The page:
The government has now approved the supply of the Pfizer-BioNTech COVID-19 vaccine. The reason they have been able to do this so quickly is because they have taken advantage of the temporary authorisation regime laid out by the Human Medicine Regulations of 2012 and 2020. The 2012 Regulations were updated in 2020 specifically to facilitate the smooth rollout of the COVID-19 vaccine. In the public consultation preceding the introduction of these updated regulations, several respondents raised concerns regarding unlicensed vaccines and immunity from civil liability. In practice, very little is known about these regulations and their application. This article seeks to shed some light on the temporary authorisation regime and suggest a means of alleviating concerns in the context of “vaccine hesitancy”.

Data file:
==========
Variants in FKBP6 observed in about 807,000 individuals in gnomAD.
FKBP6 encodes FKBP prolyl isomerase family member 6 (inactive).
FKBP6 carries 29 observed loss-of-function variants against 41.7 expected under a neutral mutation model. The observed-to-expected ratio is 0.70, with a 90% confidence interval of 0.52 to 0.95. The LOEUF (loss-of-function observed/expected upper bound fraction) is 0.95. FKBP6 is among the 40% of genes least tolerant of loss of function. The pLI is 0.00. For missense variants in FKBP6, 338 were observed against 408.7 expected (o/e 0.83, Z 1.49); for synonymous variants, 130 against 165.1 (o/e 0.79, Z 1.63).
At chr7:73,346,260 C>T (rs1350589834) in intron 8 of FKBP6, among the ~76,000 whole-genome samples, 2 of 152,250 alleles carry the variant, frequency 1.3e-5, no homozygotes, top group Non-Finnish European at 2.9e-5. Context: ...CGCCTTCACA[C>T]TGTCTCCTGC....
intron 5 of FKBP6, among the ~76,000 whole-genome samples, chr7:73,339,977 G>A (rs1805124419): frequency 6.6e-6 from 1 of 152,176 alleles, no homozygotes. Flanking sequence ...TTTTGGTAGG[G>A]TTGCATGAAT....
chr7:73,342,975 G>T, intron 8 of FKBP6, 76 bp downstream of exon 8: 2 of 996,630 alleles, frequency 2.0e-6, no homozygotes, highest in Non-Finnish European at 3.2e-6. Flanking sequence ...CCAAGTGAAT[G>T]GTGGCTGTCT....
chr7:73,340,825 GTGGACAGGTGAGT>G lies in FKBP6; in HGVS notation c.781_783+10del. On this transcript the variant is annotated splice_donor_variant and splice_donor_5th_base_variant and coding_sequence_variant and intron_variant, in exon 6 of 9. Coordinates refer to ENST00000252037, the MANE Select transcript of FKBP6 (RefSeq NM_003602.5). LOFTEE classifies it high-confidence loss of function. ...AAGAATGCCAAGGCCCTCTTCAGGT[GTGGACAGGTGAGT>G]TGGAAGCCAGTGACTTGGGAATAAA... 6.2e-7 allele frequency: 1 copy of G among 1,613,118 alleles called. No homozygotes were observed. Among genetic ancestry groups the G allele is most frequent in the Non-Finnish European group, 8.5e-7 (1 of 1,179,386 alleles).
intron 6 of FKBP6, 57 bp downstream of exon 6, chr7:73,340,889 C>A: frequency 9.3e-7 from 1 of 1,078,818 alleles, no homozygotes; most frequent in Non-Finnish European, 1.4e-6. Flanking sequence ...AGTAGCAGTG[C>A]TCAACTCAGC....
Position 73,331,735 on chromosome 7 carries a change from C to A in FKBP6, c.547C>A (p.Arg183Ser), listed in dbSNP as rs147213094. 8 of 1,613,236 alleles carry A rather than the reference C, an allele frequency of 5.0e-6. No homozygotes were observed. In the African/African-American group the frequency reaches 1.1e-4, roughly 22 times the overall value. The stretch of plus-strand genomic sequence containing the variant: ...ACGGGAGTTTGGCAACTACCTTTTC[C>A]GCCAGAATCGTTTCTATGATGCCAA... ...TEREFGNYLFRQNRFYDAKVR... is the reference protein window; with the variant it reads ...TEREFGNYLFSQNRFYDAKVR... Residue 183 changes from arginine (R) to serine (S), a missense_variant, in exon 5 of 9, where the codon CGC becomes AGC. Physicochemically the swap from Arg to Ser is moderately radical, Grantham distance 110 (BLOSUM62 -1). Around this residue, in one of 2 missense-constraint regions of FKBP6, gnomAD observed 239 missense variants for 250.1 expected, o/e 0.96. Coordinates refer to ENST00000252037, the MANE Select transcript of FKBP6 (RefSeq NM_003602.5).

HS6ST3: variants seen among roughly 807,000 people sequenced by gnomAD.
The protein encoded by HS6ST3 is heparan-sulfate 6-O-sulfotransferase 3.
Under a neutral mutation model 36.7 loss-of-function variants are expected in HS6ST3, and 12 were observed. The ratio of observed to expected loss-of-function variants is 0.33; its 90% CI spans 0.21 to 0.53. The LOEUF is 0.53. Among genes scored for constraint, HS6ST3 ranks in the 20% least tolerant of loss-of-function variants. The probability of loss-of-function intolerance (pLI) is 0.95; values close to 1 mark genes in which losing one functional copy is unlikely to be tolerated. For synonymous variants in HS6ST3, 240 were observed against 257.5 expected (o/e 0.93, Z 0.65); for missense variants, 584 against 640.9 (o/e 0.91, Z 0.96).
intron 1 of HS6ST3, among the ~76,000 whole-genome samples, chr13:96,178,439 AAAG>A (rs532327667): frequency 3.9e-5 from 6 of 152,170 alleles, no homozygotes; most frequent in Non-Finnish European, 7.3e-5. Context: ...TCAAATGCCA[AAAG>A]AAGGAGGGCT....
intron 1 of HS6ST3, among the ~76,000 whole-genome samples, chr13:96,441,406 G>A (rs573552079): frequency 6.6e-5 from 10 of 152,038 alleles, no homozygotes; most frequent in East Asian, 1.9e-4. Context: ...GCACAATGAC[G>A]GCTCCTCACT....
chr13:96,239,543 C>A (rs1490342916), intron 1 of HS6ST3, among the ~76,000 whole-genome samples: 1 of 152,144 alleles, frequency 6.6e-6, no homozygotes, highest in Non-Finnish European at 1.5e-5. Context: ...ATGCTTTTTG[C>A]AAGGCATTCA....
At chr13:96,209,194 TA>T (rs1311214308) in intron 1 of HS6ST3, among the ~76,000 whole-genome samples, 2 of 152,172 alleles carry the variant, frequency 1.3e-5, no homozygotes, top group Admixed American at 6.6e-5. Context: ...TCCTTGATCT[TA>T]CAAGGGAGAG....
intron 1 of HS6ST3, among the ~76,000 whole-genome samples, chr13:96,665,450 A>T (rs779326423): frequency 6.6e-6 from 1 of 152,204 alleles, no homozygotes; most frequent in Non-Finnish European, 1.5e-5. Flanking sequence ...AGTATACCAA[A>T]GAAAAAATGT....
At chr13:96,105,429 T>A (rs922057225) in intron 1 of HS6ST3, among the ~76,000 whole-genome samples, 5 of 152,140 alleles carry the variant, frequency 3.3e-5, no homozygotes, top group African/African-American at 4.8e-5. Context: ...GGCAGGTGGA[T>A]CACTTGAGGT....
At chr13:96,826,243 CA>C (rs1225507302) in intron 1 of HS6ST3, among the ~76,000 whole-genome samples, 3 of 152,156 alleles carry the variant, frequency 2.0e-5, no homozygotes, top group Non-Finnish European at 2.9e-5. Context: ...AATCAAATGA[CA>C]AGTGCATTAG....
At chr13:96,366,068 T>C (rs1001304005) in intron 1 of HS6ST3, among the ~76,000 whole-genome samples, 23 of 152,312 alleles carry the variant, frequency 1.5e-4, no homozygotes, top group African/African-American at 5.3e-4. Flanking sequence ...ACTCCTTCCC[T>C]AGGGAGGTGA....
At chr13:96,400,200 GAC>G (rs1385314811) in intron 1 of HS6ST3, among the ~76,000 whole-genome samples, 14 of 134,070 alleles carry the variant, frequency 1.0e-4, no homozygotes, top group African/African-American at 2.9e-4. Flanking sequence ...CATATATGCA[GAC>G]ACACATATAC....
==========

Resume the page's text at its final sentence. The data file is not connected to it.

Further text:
On 16 October, the Human Medicines (Coronavirus and Influenza) (Amendment) Regulations 2020 (SI 2020/1125) entered into force. The Regulations cover temporary authorisations for vaccines, civil liability and immunity for participants in vaccination programmes, expansion of the healthcare workforce who can administer vaccines, promotion of vaccines and an exemption to wholesale licensing requirement.